Kickapoo High Quarterly


Kickapoo High Quarterly


Kickapoo High Quarterly


The Amazing Olympiads

Our Science Olympiad team went to their regional competition and performed exceptionally. After all their practice and hard work throughout the year, they placed second in the region and will go on to state.
The Science Olympiad team at their regional competition.

   Our science department is very expansive when it comes to their extracurriculars. Science Hub and Science Olympiad are two clubs offered for individuals interested in various aspects of the science field.

   Science Hub focuses more on fun experiments, while Science Olympiad competes at competitions once a year. Club members of Science Olympiad can earn a seal of excellence on their diplomas for participating in competitions.

   There are five different categories of competitions including Life, personal & social science, Earth and space science, Physical science and chemistry, Technology and engineering, and Inquiry and nature of science. 

   Ryan Hostetler, who sponsors Science Olympiad, requires new club members to request the events they would like to compete in when they join. He chooses what events they will be placed in based on seniority and skill sets. After choosing events, everyone begins researching and prepping for their competition. 

   Junior Leah Martin joined because of her general interest and love for science.

   “I joined Science Olympiad because it’s really fun to be a part of competitions and it’s a good way to use what you learn in science to compete against other people. I think science is really interesting, and I’m pretty much in every science thing I can be involved in,” Martin said.

Students working diligently on their event.

   On February 24, Science Olympiad went to their regional competition at Missouri State University (MSU), implementing all of their research and hard work throughout the school year. The team won second place overall at their regional competition, meaning they will go to state. The state competition will also be held at MSU. 

   Many of the students in Science Olympiad placed in their events due to all the hard work they put into preparation. Senior Nathaniel Collins put substantial effort and attention to detail into his competitions.

   “They give you a paper with all the details about your events, so typically months beforehand you read all the requirements. For my build events, I would put down the dimensions and things I might need to build. For study events, I would look at the topics I need to study and the most important things I need to know,” Collins said.

   He competed in three events, including Codebusters, Astronomy, and Scrambler. Collins placed second in Codebusters and second in Scrambler.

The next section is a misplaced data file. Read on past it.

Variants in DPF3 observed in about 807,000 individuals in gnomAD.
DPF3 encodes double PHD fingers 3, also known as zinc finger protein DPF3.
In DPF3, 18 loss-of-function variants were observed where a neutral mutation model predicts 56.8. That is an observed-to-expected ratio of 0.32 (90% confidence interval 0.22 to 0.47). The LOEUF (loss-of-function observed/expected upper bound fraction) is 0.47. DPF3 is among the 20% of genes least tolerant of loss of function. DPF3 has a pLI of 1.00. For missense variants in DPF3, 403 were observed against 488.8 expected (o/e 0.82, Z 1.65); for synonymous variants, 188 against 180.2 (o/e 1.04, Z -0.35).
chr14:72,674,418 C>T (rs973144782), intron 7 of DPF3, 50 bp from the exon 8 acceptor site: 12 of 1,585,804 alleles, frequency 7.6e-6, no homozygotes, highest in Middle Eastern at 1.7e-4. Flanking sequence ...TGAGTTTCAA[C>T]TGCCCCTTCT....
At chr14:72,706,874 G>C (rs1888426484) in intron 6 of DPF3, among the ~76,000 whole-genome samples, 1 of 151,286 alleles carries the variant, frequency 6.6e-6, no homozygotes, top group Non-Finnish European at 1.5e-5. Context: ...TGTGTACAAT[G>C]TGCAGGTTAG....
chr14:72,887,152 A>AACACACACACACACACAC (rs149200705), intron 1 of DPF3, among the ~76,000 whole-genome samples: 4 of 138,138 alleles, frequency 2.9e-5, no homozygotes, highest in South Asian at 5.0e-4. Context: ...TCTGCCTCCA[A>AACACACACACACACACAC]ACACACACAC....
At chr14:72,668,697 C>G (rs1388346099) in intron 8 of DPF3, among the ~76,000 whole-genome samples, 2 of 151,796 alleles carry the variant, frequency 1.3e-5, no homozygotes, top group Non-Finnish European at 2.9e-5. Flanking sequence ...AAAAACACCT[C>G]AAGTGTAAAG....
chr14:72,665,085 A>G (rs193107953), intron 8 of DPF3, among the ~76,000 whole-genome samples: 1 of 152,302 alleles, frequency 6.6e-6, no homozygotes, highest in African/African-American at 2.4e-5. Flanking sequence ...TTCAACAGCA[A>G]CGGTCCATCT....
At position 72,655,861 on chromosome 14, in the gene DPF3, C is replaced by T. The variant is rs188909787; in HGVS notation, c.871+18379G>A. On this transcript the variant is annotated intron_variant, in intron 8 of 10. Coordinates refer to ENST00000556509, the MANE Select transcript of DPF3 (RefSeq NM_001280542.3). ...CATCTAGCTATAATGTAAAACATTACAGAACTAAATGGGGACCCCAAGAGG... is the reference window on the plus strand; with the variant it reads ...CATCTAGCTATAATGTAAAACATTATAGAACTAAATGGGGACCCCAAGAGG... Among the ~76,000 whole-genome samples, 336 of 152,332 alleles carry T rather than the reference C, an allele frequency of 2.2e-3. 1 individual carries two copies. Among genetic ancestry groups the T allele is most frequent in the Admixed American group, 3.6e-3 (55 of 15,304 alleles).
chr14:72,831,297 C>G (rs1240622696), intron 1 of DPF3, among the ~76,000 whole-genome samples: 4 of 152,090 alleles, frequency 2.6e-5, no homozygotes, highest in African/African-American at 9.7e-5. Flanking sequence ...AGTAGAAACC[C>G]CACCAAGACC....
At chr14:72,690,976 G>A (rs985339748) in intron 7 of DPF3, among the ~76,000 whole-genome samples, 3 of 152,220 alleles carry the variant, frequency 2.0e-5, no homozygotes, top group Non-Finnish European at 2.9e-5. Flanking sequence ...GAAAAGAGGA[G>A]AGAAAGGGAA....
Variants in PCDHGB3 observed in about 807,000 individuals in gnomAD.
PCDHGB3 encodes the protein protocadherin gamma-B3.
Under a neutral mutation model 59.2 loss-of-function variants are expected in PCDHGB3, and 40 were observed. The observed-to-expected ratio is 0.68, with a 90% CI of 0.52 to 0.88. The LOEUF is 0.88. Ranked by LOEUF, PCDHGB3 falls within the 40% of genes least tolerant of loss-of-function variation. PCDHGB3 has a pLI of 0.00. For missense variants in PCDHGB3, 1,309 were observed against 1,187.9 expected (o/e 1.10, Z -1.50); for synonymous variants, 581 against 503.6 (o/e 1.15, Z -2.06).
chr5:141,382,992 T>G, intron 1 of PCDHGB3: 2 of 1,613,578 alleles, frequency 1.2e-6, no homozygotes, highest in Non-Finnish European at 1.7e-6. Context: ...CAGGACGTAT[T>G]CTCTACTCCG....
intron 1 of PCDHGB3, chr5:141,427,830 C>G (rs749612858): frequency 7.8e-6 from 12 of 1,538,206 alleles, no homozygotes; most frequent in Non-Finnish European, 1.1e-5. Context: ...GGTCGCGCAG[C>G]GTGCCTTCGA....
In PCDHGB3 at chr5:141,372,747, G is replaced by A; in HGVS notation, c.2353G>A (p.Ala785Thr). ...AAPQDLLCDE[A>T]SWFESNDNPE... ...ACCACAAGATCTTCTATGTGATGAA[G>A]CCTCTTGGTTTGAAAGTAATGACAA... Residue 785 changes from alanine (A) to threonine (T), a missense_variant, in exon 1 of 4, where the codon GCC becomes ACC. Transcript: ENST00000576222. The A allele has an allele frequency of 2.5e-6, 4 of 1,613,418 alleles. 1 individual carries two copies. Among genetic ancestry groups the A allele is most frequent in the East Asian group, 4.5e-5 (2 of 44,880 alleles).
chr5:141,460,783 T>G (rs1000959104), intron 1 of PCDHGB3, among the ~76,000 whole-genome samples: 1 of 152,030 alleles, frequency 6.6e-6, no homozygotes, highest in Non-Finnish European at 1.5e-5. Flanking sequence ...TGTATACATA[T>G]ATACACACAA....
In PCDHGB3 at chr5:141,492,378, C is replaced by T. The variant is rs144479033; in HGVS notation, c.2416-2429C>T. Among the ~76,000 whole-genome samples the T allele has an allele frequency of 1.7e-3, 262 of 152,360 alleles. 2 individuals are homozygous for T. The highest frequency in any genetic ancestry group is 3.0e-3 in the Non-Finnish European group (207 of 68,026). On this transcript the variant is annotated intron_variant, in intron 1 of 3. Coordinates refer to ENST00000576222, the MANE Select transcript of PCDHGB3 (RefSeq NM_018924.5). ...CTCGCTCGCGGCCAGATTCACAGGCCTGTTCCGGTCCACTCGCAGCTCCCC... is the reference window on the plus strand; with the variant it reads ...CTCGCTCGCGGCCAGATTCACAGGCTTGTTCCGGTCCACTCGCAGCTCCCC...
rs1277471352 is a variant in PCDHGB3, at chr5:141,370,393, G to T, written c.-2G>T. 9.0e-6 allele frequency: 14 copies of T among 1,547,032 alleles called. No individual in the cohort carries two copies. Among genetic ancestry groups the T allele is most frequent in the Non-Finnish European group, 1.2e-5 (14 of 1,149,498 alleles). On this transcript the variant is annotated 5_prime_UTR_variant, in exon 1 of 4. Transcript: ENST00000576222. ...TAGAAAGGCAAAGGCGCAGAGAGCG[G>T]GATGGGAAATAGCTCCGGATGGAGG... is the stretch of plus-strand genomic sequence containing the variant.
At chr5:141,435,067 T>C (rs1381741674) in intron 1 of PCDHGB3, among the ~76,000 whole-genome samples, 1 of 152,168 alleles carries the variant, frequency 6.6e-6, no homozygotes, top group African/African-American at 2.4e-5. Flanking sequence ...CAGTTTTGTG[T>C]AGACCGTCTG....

In Codebusters, teams cryptanalyze and decode encrypted messages. Astronomy is an event that requires teams to demonstrate an understanding of Stellar Evolution, star formation, and exoplanets. Scrambler involves building a mechanical device that uses energy from a falling mass to transport an egg along a track as quickly as possible without breaking the egg.

   Senior Carter McCord also competed in various events.

   “My events were Codebusters, Write It Do It, Forestry, and Fermi Questions. For those, there are a lot of practice tests online that I used to prepare,” McCord said.

   He placed first in Forestry and second place in Codebusters, along with Collins.

   Write It Do It is where one participant writes a description of an object and how to build it, and the other participant attempts to construct the object from the description. In Forestry, competitors are assessed on their general forestry knowledge. Fermi Questions is an event where teams provide answers to a series of science-related questions that seek fast, rough estimates of a quantity that is either difficult or impossible to measure directly.

   Junior Misha McNeil competed in Forestry, Ecology, and Fossils.

   “The main event that I prepped for was Forestry, and there was a list of 100 to 150 trees, so I took a bunch of pictures of them and put them in a Google doc with information about their habitat and the economic values and put all the information in one giant binder to study. For Ecology, I just read the directions and studied everything it said to do, and I did the same with Fossils,” McNeil said. 

   She placed first in Forestry alongside McCord and third in fossils.

   In Ecology, participants answer questions about ecology and adaptations in North American biomes. Teams in Fossils must identify and classify fossils and demonstrate their knowledge of ancient life.

   Overall, the students in Science Olympiad performed proficiently in their individual events and as a team.   

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About the Contributor
Annemarie Wilhite, Reporter